Sometimes body language signs can be ambivalent, however. For example, it is not uncommon to observe a dog growling at another dog while occasionally glancing to the side, backing up, and with his tail wagging. Such a dog is invariably fearful. Whenever fear signs are present, fear is in the equation. These dogs are unpredictable with other dogs and will alter their body language and behavior according to circumstances. If the opposing dog retires, they may jump around and “look happy.” If the opposing dog approaches too close the fearful one may snap or bite. Owners, if present, can help defuse their dog’s ambivalence and uncertainty by taking a strong leadership role. It’s amazing how rapidly a fearful dog’s disposition will change when an authoritative owner steps in and controls the moment. Dogs need strong leaders.
Another aspect of communication is odor. Because dogs have such an amazing sense of smell, it is likely that they learn a lot about other dogs from their smell. That’s what all the sniffing is about. It is difficult to imagine what sort of information passes between dogs via this medium. We do know that intact male dogs “smell male” (because of male sex pheromones) and that neutered males do not have this characteristic musk. By neutering males, we alter the olfactory signals they emit and thus other dog’s perception of them. It may even be that the “non-male smell” equates with a diestrus (in-between heat periods) or a neutered bitch smell.
When an intact male dog meets a neutered one, the response may not be confrontational because the other dog doesn’t perceive a rival. He may believe the neutered dog is female.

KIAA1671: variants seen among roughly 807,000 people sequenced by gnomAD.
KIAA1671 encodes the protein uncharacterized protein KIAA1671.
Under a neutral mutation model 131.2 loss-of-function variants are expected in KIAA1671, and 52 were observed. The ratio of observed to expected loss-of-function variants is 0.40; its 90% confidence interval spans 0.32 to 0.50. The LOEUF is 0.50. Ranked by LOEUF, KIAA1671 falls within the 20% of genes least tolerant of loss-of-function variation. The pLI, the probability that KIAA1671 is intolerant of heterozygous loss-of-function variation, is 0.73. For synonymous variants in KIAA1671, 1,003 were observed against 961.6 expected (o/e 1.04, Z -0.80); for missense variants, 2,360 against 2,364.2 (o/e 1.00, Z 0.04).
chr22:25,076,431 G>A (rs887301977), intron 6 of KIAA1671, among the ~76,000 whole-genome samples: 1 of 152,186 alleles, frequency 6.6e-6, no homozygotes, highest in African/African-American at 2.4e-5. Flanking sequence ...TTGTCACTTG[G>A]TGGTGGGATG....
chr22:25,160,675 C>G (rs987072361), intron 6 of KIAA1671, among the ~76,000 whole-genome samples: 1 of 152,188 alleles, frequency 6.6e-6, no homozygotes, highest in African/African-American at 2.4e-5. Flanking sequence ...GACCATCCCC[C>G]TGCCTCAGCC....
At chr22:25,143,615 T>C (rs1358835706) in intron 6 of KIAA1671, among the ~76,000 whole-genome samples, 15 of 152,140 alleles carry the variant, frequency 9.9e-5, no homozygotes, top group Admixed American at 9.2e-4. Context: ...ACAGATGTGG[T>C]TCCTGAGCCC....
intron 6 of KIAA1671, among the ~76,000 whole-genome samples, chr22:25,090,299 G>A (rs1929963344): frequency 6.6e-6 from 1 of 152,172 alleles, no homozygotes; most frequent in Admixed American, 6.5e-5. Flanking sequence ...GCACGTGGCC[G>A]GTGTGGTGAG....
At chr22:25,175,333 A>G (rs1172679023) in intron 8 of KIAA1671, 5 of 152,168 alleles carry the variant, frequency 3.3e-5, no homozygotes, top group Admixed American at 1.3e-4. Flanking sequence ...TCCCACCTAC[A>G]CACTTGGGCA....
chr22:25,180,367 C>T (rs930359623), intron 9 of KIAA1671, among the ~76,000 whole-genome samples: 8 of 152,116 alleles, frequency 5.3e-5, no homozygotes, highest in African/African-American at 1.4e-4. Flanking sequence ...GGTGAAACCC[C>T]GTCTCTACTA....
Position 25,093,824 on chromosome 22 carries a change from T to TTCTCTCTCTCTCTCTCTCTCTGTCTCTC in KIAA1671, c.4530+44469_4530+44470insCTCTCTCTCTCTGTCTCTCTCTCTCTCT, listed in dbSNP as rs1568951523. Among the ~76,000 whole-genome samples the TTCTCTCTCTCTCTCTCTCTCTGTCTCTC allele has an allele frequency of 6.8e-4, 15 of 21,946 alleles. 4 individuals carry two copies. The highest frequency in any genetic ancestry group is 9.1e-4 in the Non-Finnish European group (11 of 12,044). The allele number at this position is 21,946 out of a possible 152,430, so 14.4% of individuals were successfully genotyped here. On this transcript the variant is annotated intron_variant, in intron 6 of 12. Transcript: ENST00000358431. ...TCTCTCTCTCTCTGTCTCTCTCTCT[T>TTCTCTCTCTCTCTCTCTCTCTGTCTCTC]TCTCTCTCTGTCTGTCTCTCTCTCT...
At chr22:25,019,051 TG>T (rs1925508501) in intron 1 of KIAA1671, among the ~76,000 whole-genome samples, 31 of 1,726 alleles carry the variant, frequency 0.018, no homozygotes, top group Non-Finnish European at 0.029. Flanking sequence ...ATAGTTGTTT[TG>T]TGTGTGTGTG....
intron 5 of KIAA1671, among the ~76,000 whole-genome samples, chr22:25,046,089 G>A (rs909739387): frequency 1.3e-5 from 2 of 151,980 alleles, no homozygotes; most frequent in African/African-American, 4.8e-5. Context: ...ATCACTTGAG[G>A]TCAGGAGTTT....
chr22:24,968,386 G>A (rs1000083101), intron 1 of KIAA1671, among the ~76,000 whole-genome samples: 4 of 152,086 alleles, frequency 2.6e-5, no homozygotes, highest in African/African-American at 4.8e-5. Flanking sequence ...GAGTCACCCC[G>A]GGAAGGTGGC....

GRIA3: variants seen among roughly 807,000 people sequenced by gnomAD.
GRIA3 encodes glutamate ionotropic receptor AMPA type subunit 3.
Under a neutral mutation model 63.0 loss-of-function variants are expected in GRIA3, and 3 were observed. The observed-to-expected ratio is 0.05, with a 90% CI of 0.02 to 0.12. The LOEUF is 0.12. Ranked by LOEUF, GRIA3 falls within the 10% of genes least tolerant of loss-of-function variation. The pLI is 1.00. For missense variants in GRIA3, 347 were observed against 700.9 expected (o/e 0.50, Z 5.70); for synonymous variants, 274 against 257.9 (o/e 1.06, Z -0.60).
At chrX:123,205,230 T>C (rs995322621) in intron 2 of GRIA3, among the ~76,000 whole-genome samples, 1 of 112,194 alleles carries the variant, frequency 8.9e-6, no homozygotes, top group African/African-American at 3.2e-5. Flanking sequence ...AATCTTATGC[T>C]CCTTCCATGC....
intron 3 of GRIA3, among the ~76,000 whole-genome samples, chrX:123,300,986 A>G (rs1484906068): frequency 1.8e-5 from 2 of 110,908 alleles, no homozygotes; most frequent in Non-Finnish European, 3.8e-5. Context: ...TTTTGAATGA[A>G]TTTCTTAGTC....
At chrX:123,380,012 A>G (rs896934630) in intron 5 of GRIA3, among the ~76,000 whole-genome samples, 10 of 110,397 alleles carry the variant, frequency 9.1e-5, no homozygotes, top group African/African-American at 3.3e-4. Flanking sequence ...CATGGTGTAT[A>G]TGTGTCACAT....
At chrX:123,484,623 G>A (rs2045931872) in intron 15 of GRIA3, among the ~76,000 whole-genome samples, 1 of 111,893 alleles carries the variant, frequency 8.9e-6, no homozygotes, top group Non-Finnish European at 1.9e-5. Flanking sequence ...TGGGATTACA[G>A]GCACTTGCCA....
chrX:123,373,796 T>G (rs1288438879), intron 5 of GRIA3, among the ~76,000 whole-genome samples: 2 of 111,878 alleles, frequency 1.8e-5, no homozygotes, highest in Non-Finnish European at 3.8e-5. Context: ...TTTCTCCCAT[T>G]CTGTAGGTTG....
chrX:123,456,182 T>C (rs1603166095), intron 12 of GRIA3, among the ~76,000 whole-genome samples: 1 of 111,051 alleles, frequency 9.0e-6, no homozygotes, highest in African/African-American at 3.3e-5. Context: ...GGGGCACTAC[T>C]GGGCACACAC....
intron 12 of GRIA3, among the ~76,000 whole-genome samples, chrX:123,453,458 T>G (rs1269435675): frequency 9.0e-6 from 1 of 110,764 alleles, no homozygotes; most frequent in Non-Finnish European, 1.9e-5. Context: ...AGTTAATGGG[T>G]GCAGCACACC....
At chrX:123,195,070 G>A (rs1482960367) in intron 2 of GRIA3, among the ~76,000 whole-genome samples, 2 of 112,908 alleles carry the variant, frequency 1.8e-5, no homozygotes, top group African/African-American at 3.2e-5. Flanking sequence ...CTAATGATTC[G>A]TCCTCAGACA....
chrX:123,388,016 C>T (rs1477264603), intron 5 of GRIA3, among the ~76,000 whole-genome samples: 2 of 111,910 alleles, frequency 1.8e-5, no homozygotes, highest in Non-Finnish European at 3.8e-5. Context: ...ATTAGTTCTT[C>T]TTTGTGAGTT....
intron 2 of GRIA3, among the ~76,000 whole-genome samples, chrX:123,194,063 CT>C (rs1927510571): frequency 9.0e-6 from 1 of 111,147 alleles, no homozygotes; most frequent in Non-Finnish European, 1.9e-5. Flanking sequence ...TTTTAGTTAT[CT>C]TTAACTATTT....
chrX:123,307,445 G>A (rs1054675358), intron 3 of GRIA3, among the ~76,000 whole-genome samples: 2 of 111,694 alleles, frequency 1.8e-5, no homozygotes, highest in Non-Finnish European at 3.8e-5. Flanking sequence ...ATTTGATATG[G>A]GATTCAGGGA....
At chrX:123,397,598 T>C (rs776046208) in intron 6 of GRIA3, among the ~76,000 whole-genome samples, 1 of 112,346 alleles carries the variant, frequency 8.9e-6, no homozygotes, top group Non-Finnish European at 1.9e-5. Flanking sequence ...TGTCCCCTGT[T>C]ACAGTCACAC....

Non-verbal communications signaling “let’s play,” “leave me alone,” “who do you think you’re talking to,” “I’m not going to cause you a problem, I promise,” are going on all the time between dogs but many dog owners don’t realize it. It’s amazing what can be conveyed with the odd glance or posture. Some dogs are masters at such subtle language.
The worst canine communicators are those dogs that have been raised without the company of other dogs during a critical inter-dog socialization phase of their lives (3 to 6 weeks). Hand raised orphans provide an extreme example of what may be lacking. Many of these dogs are socially inappropriate having not learned canine communication and social etiquette. They may attack and continue to attack another dog when the psychological war is already won. They may not know how to signal defeat when they are being attacked themselves. And that’s just the (extreme) tip of their communication failures.
Most dogs are not this “dyslexic” and can communicate what they need – as with humans – but the good communicators usually have the edge. Fully functional body language is a beautiful thing that can help resolve uncertainties at a glance. Humans communicate in body language too. We’re just not so good at it and some of us are positively stiff. If dogs could talk they’d probably categorize us as “dumb animals.”